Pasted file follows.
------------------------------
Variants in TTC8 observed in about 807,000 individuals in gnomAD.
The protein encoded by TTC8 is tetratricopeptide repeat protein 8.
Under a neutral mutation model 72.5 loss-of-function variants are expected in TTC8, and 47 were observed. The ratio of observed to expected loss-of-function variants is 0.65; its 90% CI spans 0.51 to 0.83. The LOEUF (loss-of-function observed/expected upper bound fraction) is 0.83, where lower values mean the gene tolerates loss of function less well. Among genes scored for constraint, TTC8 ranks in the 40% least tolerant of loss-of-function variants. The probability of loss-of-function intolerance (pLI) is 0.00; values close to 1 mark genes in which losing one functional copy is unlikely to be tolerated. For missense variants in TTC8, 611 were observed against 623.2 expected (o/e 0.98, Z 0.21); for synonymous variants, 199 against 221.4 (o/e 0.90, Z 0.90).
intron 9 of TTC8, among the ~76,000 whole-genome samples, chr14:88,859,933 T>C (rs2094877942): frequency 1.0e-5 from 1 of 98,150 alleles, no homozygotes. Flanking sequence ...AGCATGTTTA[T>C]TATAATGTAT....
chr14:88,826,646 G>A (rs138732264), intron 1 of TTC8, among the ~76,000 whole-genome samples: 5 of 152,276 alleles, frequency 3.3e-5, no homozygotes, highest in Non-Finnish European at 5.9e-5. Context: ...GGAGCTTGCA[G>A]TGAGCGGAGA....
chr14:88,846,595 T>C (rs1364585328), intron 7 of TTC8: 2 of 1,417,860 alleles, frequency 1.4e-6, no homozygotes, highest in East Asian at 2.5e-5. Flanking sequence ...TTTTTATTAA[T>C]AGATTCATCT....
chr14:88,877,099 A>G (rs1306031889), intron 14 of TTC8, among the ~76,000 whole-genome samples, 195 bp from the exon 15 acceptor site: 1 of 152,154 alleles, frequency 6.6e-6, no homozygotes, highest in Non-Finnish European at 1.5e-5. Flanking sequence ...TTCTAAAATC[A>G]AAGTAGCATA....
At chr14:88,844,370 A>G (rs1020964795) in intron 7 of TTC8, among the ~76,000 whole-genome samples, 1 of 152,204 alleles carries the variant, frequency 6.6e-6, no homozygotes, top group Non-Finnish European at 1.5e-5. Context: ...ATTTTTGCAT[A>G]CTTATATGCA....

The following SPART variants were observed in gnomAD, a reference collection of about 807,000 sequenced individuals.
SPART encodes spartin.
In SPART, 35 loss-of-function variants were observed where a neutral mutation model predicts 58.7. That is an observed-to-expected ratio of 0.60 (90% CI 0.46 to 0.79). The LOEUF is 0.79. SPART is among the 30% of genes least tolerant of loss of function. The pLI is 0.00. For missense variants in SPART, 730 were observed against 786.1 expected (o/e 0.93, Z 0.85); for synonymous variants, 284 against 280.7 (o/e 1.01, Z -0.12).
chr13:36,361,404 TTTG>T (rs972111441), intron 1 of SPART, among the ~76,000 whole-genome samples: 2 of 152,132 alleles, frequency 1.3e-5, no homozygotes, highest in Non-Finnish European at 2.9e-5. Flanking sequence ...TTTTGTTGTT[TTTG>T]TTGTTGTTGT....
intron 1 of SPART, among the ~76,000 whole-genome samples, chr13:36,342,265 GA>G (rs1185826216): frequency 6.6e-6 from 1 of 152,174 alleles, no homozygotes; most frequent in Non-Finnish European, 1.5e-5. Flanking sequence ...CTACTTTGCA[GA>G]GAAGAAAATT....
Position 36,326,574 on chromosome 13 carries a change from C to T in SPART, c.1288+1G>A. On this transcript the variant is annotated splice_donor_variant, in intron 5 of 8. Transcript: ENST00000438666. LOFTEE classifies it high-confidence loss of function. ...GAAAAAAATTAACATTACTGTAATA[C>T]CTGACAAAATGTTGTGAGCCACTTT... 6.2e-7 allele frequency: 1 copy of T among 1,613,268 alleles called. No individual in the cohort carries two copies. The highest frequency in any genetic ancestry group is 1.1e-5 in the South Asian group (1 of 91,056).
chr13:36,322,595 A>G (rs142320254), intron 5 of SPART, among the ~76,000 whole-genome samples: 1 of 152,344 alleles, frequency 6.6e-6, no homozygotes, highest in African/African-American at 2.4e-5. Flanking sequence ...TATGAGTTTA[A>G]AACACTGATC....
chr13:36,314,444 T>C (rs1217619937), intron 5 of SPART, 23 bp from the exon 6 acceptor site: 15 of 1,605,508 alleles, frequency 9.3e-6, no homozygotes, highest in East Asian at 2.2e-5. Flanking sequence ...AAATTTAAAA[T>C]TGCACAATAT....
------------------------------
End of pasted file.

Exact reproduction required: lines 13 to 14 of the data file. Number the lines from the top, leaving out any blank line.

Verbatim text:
intron 1 of SPART, among the ~76,000 whole-genome samples, chr13:36,342,265 GA>G (rs1185826216): frequency 6.6e-6 from 1 of 152,174 alleles, no homozygotes; most frequent in Non-Finnish European, 1.5e-5. Flanking sequence ...CTACTTTGCA[GA>G]GAAGAAAATT....
Position 36,326,574 on chromosome 13 carries a change from C to T in SPART, c.1288+1G>A. On this transcript the variant is annotated splice_donor_variant, in intron 5 of 8. Transcript: ENST00000438666. LOFTEE classifies it high-confidence loss of function. ...GAAAAAAATTAACATTACTGTAATA[C>T]CTGACAAAATGTTGTGAGCCACTTT... 6.2e-7 allele frequency: 1 copy of T among 1,613,268 alleles called. No individual in the cohort carries two copies. The highest frequency in any genetic ancestry group is 1.1e-5 in the South Asian group (1 of 91,056).